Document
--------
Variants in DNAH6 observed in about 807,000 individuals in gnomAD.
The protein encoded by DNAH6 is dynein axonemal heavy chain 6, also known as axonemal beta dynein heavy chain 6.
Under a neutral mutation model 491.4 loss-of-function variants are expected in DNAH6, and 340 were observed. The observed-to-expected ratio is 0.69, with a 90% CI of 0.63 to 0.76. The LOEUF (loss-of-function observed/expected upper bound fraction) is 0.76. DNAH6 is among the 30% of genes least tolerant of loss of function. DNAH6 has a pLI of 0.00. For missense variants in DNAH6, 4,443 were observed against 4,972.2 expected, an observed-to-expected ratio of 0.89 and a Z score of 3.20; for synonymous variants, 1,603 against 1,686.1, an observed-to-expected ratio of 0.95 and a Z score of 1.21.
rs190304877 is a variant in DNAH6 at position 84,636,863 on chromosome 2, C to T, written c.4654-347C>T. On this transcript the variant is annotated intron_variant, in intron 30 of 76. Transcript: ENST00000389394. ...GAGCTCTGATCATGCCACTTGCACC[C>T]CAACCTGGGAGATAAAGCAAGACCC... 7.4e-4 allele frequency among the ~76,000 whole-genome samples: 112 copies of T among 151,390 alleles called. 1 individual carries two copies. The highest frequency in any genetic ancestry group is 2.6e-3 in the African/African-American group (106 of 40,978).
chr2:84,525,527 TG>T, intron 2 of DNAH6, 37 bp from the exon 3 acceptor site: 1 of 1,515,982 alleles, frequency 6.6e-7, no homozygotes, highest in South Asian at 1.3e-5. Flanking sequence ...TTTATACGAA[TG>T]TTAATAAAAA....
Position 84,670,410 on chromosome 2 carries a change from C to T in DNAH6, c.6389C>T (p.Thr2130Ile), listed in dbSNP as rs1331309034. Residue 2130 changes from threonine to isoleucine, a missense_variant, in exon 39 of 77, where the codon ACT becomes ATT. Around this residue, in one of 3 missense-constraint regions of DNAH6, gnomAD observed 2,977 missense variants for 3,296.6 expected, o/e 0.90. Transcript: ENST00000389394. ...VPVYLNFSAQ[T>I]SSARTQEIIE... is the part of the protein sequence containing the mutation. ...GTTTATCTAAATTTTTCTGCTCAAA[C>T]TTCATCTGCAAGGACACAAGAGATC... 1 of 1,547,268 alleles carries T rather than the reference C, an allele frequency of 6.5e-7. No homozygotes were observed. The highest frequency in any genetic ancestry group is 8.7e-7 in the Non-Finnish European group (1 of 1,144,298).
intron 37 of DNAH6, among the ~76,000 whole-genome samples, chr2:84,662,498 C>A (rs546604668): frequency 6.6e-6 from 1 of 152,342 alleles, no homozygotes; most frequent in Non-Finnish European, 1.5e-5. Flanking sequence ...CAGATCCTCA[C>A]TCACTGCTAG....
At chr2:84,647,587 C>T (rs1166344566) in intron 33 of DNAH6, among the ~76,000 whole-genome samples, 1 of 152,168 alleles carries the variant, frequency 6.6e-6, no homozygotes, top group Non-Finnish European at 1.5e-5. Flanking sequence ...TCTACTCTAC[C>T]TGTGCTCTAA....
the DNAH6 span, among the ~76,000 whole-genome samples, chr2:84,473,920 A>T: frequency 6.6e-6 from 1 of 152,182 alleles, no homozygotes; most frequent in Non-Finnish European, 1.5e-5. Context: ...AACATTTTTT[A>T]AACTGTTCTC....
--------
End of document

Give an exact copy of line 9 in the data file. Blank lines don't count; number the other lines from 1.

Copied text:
the DNAH6 span, among the ~76,000 whole-genome samples, chr2:84,473,920 A>T: frequency 6.6e-6 from 1 of 152,182 alleles, no homozygotes; most frequent in Non-Finnish European, 1.5e-5. Context: ...AACATTTTTT[A>T]AACTGTTCTC....